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Some excited scientists: Imogen Browne, Tim van Peer, and Jeanine Ash (Photo by Laura de Santis)

Ice sheet models and paleoclimate data tell us that the Ross Sea is one of the last places on the continent to become glaciated, so drilling here helps us to constrain the biggest advances of the West Antarctic Ice Sheet over the past 20 million years or so. One of our main aims at this site is to constrain ice advance at a regional erosional surface, which we think happened around 16 million years ago during a period of Earth’s history called the Miocene. This surface represents regional advance and grounding of ice across the continental shelf of the Ross Sea, which only happens every few million years or so, and results in a fall in global sea level.

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Co-chief Laura de Santis presenting an image of the sea floor during the middle Miocene (Photo by Jule Müller)

We rely on microfossils among other methods to tell us the age of erosional surfaces. Microfossils can be different types of phytoplankton, zooplankton, or pollen. In Antarctica, the dominant group of phytoplankton are called diatoms, which form discs and chains called ‘frustules’, composed of silica (glass). We know from regional studies of well-dated sedimentary sequences when different taxa of these groups appear and disappear through the geologic record due to evolution and extinction through time. These biological events are often associated with abrupt changes in the marine environment, such as initiation of new currents and warming or cooling of surface waters.

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Diatoms collected from surface waters south of 70S (Photos by Expedition 374 Paleontology team)

During the Miocene Climate Optimum (~17-15 million years ago), climate was warm enough for plants to grow around the edges of the continent. During this time, Antarctica’s ice sheets were generally reduced in extent and global sea level was much lower. However, recent studies from the Ross Sea and the ANDRILL project indicate that both the West and East Antarctic Ice Sheets were dynamic and capable of modulating global sea level, even during warmer climates of the middle Miocene. By studying past ice sheet behavior and response to warm climates like the middle Miocene, we can better model and predict how Antarctica will respond to ongoing anthropogenic warming.

 

Crossing the Ross Sea Polynya and other antics

The JOIDES Resolution is now following RV/IB Nathaniel B Palmer into the Ross Sea Polynya, which is Earth’s largest ice making factory. Cool air temperatures encourage surface water freezing which creates sea ice. Strong winds then move this ice around, freeing up more space for sea ice formation. The Ross Sea is highly productive in the summer months, where sunlight, a stable water column, and abundant dissolved nutrients stimulate huge phytoplankton blooms. These blooms are consumed by krill, which are consumed by predators like penguins, seals, and whales.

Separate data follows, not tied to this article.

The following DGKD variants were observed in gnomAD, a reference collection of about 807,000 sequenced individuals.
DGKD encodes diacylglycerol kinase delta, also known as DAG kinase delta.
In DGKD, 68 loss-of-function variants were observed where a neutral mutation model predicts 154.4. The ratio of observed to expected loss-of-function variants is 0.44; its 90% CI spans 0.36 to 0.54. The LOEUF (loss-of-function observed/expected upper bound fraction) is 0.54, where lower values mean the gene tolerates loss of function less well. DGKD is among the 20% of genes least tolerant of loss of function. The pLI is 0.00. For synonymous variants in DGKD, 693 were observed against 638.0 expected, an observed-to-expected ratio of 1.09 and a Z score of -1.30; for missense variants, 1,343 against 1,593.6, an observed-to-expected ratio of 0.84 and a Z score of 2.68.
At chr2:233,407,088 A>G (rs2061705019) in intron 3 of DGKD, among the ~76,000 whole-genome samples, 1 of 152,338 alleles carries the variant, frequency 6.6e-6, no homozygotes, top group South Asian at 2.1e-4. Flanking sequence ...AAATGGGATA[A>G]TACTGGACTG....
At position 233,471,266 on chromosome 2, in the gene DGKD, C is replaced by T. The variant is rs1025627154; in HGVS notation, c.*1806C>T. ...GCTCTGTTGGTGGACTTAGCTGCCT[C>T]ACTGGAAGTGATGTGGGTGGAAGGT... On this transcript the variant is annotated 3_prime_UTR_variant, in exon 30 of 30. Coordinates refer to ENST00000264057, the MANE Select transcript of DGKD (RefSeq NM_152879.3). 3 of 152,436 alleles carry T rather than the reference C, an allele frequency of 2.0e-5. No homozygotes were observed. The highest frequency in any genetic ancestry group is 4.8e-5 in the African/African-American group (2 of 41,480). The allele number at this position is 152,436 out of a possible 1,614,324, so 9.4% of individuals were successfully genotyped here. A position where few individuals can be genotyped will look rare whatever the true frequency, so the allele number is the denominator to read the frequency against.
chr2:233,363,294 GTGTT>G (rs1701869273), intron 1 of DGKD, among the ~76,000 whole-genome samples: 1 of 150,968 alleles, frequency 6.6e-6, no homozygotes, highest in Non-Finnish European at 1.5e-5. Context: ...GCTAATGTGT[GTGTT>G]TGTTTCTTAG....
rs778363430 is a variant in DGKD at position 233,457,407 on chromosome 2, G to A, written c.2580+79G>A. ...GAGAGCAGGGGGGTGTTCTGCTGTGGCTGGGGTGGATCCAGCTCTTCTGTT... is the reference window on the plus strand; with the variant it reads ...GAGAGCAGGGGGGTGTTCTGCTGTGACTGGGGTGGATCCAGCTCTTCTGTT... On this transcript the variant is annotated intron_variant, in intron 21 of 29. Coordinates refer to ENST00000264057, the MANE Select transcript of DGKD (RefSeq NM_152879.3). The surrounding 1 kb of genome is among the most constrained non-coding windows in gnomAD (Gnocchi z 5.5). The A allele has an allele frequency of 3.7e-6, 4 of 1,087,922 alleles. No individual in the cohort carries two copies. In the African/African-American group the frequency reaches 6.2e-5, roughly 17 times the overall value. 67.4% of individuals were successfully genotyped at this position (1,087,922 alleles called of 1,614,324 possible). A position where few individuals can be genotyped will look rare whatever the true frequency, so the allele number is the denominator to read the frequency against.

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The first iceberg spotted on our way down to greeting the RV/IB Nathaniel Palmer. Photograph by Bill Crawford

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The JOIDES Resolution being escorted towards the Ross Sea polynya by the RV/IB Nathaniel Palmer. Photo by Gary Acton

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First (Adélie) penguin spotting! Photo by Gary Acton

Before we arrive at our first site, all scientists need to adjust to their shift time. (day shift is from 12pm-12am and night shift is from 12am-12pm). Apparently, there is no ‘right’ way to do this, but some of us attempted to pull an all-nighter fueled with coffee and movie marathons. Others opted for short sleeps and an early start. Those of us night shifters who were bored yesterday decorated the conference room to celebrate Rob’s birthday (our co-chief) and the catering staff prepared a cake and cupcakes.

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Some of the night shifters enjoyed the movie room (Molly Patterson; USA, Brian Romans; USA, Isabela de Sousa; Brazil, and Jeanine Ash; USA). Photo by Kim Kenny

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Birthday celebrations for co-chief Rob McKay. Photo by Saki Ishino

During our transit, individual lab groups have practiced shipboard measurements and core descriptions on legacy cores recovered on previous Antarctic expeditions. The sedimentology team has discussed how to describe sediments from glaciomarine environments and practiced estimating grain size percentages and identifying minerals under the microscope. The physical properties group has reviewed methodologies for the required measurements. Kim Kenny, our on-board videographer has also been conducting short interviews with the science party- so stay tuned!

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Sedimentologists discuss legacy cores (Brian Romans; USA, Benjamin Kiesling; USA, Amelia Shevenell; USA, Saki Ishino; Japan, and Rob McKay; NZ). Photo by Mark Leckie

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Physical properties night shift (Imogen Browne, USA; Francois Beny; France, Brian Romans; USA). Photo by Kim Kenny